Heroes of the North

I stumbled on the trailer of this upcoming movie. Please help me out. This is a joke right?... right?


Québécois cinema is too white - Part 2

When it comes to criticism, the Québécois are a sensitive bunch. Especially when... well... a non pure laine voices that criticism. I gather you could compare it to a friend taking a shot at a member of your own family... unwelcome, even when true.

Jacob Tierney's recent words about Québécois cinema being too white raised many voices. Most reactions built on the fact that the Québécois represent only 2% of a predominantly English speaking North American population and were thus entitled to a cinema exclusively about themselves. I don't subscribe to that line of thought. It simply removes oneself from any type of forward dialog.

So... when I stumbled on a very articulate letter in the pages of La Presse about how wrong Mr. Tierney simply was, I was pleasantly surprised. When I realized this response was from a new-stock Québécois who felt compelled to react, I was delighted.

Click here [Google translation] to read it.


Québécois cinema is too white

Jacob Tierney is the director and screenwriter of The Trotsky. The action takes place in the Anglo part of Montréal. The movie has received considerable coverage from the French press and media; click here to listen to an interview on Radio-Canada [in French only - I love the way Jacob's father tells a listener he's colonized because he feels the French dubbed version is too Québécois]. I haven't seen the movie yet, but it's been in my list of flicks to see since I saw a trailer early this Spring.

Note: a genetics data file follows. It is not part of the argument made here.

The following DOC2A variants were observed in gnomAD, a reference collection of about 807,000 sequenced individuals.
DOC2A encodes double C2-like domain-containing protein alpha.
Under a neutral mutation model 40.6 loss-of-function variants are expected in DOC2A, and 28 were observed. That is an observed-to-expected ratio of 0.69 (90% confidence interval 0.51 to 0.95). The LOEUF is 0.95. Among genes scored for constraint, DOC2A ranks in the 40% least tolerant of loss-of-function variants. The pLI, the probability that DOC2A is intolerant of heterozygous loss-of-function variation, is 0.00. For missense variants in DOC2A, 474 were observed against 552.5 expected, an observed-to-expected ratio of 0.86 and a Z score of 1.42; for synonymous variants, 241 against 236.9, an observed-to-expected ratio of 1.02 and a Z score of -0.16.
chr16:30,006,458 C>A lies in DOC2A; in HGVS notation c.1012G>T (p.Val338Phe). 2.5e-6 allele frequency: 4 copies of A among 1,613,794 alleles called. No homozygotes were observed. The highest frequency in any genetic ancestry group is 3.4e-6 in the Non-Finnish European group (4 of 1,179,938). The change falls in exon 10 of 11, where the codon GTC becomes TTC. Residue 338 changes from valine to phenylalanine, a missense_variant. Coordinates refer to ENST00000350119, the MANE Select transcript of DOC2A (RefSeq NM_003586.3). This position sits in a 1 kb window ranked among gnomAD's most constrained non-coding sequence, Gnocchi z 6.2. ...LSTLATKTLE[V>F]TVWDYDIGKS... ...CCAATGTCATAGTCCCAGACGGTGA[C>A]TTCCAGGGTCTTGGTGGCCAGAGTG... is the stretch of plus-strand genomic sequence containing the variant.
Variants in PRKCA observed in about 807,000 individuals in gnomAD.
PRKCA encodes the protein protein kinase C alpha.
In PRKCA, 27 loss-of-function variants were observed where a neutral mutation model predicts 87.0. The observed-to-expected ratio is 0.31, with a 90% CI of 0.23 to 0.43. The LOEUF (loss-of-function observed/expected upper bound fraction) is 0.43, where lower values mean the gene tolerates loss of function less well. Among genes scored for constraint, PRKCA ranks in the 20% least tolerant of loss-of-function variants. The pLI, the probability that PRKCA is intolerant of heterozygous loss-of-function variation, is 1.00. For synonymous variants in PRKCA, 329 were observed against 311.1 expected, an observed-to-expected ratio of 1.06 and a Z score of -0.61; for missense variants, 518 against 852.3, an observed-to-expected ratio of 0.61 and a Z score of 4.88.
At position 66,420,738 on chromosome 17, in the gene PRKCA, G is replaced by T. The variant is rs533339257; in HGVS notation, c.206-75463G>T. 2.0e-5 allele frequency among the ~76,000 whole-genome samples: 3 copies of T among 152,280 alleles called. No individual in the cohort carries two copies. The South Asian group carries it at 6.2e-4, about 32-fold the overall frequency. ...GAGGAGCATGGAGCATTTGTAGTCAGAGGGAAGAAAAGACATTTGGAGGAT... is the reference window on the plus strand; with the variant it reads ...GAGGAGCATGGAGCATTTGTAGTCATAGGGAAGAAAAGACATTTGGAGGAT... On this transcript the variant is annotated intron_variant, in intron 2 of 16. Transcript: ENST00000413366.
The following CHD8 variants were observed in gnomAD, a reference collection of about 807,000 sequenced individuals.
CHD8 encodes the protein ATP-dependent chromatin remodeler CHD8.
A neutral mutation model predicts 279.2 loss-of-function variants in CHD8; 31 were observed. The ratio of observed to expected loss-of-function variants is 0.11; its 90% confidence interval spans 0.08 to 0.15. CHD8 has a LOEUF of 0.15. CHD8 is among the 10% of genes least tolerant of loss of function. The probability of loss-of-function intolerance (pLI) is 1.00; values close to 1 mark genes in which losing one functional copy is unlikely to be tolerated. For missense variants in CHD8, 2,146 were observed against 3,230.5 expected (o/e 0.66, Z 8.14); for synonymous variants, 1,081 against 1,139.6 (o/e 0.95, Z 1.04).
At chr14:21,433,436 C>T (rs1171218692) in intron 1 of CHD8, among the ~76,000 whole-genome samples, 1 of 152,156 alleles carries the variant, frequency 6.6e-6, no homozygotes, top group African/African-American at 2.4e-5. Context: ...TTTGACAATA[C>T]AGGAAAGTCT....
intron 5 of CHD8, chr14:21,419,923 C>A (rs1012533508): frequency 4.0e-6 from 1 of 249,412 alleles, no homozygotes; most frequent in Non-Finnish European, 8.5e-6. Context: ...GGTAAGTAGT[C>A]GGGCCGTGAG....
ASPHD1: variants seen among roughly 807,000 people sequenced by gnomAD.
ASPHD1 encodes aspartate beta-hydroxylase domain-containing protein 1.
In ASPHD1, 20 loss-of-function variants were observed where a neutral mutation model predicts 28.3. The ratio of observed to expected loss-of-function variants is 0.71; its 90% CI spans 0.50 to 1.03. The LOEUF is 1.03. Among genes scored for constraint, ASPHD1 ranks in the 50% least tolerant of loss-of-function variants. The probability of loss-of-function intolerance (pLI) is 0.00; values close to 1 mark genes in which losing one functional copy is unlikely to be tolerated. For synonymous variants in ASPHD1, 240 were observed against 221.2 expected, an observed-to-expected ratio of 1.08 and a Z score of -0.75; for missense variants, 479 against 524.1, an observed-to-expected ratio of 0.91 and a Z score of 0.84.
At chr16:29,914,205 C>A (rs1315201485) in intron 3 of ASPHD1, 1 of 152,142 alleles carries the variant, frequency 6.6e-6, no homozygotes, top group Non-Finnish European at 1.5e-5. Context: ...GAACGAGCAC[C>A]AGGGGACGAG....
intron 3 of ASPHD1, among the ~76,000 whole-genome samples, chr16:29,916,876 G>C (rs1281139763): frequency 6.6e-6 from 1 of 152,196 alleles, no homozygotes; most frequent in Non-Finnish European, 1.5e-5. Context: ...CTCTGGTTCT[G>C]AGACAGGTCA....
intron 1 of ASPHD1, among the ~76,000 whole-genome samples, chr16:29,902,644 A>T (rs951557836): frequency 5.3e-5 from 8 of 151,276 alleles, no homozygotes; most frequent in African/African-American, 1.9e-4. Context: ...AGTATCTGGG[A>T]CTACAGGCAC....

Mr. Tierney is in Los Angeles to promote the premiere of his film. In an interview with La Presse [Google translation], he stressed that that mainstream franco cinema here all-too-often ignores Anglos, Immigrants and most anyone who isn't old-stock Francophone. You can read about it in The Gazette.

I'm always a bit surprised when I read that type of comment. The homegrown shows I watch on TV usually have their share of non pure laine characters. In L'Auberge du chien noir, for example, there's a gay guy, a Latina, an Haitian and an Anglo played by Jonathan Lajoie (check out his videos on Youtube.com, he's hilarious!). And all these characters look like regular people living their regular life, no caricature here.

Still... I live in a country with a French speaking community that accounts for almost a quarter of its population. I watch its television, its cinema... I read its news... and I can't identify with them very much. I know exactly how Mr. Tierney feels.


Canada Day in Québec

In Québec, Canada Day is a Holiday for the few; the majority of Québécois celebrated its joie de vivre last Thursday. La Presse is probably the most federalist of the province's French newspapers. To underline today's holiday, it invited its readers to share what their plans were for Canada Day.

Click here [Google translation] to read it.